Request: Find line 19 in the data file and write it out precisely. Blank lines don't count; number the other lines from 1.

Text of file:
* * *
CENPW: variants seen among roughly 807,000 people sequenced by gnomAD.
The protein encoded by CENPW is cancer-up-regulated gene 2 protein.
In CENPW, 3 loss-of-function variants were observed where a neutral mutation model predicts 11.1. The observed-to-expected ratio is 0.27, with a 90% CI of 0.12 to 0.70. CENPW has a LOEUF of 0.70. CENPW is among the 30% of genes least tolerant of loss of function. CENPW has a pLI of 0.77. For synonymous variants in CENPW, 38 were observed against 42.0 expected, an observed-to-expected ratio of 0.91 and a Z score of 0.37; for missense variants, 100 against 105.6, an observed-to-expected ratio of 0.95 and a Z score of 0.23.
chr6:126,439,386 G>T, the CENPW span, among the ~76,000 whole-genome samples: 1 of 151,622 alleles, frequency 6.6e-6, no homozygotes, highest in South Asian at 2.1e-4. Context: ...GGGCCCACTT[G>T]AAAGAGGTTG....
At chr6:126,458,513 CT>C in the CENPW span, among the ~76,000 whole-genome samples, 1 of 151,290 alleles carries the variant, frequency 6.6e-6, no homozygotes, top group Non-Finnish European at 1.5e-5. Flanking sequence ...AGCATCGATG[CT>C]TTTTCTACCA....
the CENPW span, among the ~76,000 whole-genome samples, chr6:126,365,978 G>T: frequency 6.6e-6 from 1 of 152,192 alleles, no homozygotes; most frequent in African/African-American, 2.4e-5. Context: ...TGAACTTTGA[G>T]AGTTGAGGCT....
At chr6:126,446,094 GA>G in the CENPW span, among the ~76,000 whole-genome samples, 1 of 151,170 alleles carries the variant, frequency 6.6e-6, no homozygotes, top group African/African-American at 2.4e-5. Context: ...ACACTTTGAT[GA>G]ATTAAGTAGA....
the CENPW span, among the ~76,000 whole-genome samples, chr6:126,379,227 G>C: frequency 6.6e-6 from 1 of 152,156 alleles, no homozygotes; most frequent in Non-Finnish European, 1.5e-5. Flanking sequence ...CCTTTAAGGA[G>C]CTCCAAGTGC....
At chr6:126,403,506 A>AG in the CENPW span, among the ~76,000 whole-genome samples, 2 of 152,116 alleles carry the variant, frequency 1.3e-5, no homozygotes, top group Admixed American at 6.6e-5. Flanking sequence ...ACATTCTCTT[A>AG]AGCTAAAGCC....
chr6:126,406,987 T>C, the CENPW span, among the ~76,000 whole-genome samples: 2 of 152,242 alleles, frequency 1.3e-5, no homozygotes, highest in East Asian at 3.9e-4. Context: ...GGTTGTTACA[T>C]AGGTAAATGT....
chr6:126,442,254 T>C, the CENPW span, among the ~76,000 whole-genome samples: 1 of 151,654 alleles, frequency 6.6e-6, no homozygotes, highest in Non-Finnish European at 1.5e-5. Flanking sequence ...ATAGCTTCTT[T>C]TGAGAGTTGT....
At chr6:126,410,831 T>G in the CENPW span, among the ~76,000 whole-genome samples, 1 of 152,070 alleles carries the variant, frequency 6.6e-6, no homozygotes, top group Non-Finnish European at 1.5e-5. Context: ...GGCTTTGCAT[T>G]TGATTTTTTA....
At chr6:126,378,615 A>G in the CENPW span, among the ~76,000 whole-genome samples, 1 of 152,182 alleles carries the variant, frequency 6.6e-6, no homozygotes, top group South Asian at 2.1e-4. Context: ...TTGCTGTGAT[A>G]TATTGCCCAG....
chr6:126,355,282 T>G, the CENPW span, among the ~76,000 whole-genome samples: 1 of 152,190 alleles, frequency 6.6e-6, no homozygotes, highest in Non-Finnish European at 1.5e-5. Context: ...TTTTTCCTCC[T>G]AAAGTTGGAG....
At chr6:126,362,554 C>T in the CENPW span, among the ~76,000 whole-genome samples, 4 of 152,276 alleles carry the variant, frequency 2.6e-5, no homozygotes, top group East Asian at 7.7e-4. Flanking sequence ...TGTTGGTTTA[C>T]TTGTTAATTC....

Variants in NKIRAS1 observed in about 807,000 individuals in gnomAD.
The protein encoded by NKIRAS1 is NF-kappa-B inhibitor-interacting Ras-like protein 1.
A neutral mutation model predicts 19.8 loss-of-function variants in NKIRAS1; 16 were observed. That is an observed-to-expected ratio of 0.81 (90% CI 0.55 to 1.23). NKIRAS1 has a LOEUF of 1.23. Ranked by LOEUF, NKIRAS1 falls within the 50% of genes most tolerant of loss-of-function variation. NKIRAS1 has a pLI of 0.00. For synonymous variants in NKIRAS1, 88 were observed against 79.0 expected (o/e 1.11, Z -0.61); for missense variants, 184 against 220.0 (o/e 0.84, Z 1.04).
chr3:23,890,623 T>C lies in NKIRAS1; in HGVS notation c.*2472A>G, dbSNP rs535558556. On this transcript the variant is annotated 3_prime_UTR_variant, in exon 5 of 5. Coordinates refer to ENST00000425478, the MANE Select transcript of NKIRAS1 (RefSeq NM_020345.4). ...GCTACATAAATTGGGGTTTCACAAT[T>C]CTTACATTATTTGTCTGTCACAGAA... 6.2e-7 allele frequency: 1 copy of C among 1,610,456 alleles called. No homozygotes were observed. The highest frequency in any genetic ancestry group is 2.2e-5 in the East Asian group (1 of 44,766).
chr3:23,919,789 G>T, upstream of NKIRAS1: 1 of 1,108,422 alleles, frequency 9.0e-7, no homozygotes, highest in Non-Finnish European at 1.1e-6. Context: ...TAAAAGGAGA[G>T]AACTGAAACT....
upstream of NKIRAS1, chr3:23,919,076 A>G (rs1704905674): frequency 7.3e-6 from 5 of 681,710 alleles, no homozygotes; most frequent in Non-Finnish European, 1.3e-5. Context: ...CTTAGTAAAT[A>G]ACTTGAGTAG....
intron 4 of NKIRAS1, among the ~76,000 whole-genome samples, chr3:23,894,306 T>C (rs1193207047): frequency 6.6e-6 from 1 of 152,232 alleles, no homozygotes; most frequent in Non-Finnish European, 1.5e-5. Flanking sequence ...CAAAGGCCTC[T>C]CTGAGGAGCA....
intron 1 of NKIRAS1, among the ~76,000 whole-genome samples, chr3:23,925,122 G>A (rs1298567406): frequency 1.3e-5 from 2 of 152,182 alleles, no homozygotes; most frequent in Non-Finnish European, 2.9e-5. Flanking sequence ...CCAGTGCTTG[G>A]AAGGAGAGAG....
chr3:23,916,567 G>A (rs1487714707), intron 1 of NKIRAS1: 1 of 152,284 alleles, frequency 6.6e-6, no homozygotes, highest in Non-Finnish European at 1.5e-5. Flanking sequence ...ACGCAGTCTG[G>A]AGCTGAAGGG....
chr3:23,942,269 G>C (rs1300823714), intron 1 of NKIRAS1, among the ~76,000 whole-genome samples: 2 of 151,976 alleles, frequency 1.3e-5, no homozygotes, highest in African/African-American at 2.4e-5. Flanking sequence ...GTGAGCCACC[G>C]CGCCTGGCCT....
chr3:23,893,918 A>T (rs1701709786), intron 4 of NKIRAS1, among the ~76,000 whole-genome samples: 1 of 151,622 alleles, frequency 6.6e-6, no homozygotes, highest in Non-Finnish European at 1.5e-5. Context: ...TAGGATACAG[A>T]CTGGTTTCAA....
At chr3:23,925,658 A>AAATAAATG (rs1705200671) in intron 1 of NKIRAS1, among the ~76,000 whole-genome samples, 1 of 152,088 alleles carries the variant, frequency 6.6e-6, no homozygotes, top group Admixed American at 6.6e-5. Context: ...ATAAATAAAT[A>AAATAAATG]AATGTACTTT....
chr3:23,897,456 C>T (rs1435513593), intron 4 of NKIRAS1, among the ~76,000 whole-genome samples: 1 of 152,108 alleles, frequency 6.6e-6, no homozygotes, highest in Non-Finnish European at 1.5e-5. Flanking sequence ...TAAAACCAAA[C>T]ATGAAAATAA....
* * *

chr3:23,890,623 T>C lies in NKIRAS1; in HGVS notation c.*2472A>G, dbSNP rs535558556. On this transcript the variant is annotated 3_prime_UTR_variant, in exon 5 of 5. Coordinates refer to ENST00000425478, the MANE Select transcript of NKIRAS1 (RefSeq NM_020345.4). ...GCTACATAAATTGGGGTTTCACAAT[T>C]CTTACATTATTTGTCTGTCACAGAA... 6.2e-7 allele frequency: 1 copy of C among 1,610,456 alleles called. No homozygotes were observed. The highest frequency in any genetic ancestry group is 2.2e-5 in the East Asian group (1 of 44,766).